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Seeking Solutions to Being Restricted

If mental health professionals and mental health services continue to contribute to an oppressive approach to Māori when it comes to mental illness and mental health services, there will be an increasing disadvantage to the mental health of Māori.

Dr Maria Baker’s doctoral research shows that mainstream mental health services incur an oppressive approach for Māori. The power of control is intertwined within the mental health system, enforced under the current mental health legislation.

When Māori seek help from mental health services, there is an insidious cycle of control that involves police apprehension, the use of the Mental Health Act and being locked up in mental health services.

Dr Baker’s theory of Seeking Solutions to Being Restricted acknowledges the main issue Māori experience with mental illness and mental health services is being restricted. She says there is a continual cycle of control enforced upon Māori, which in turn fosters a culture of fear, and an extreme lack of control that profiles mental health treatment as punishment.

A consequence of being restricted, is Māori are physically compromised for mental stability with psychiatric medication as the dominant treatment approach. The impact of psychiatric medication is best explained as being physically compromised by physical side effects, medical adverse reactions and sudden deaths which raise serious concerns about how Māori are prescribed medications and treated by mental health services.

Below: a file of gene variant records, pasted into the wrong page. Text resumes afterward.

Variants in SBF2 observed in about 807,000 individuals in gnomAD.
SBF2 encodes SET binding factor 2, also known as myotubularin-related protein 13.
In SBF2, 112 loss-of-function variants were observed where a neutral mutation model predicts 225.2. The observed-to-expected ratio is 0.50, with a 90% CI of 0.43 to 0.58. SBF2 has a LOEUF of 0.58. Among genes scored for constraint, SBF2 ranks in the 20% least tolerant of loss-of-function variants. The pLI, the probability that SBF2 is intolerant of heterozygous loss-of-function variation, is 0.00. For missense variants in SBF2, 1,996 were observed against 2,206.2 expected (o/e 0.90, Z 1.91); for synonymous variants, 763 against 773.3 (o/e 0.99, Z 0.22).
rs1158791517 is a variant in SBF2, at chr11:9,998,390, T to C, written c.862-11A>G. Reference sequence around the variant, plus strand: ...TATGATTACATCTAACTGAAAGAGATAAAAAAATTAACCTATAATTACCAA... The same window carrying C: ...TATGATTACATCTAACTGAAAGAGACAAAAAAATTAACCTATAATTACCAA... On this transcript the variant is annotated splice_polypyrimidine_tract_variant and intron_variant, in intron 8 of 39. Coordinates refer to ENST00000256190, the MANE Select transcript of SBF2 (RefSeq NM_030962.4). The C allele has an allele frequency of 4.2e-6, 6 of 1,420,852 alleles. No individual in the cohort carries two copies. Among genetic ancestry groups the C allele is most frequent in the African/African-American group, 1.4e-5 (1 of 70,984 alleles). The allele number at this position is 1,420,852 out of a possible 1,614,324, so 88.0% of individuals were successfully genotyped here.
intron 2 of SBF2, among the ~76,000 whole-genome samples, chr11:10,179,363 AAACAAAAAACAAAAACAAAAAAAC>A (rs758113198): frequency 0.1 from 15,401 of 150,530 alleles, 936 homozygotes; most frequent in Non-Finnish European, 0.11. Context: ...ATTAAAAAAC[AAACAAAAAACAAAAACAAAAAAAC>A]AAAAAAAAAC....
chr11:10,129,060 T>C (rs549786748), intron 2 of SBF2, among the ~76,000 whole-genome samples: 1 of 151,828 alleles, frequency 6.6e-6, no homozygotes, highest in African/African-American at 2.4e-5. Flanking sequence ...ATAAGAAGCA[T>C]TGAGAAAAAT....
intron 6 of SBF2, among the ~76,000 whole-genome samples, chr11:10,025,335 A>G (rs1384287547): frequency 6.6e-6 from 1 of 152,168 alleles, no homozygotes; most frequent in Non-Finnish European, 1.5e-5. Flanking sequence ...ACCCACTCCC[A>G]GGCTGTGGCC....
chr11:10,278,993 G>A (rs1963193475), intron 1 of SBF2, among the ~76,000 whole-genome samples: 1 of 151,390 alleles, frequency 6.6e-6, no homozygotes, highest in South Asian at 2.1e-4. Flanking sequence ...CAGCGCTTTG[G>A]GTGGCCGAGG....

Further consequences of Māori in mental health services, is the compromise of their spirituality. There is a constant need for Māori to address their wairua as a way to seek solutions to achieve their mental wellbeing and balance.

The mental health system is failing Māori because its environment and treatment approach is ill equipped to be conducive to a healing approach that involves wairua, whānau involvement and the transfer of control over to Māori regarding their treatment options. Māori Health professionals and Kaupapa Māori mental health services are showing the need to work outside of the western medical and controlled treatment framework.

Māori will deliberately seek solutions from the Māori world to achieve balance. This is aided by whānau who facilitate access to wairua support and Māori practitioners who work in and with wairua to address wairua needs.

How Māori are coping with mental illness and mental health services is by seeking solutions to rise above the impacts of being restricted. They are holding out hope for change to occur, they are taking control when out of hospital, and seeking Māori resources with processes to help heal and grow.

With the imbalance of the mental health system overpowering Māori by using the Mental Health Act and medication, for hope and change to be instilled in mental health services for Māori and any process to meet their mental health needs, mental health services will need to shift its focus, to centre upon the needs and preferences of Māori.


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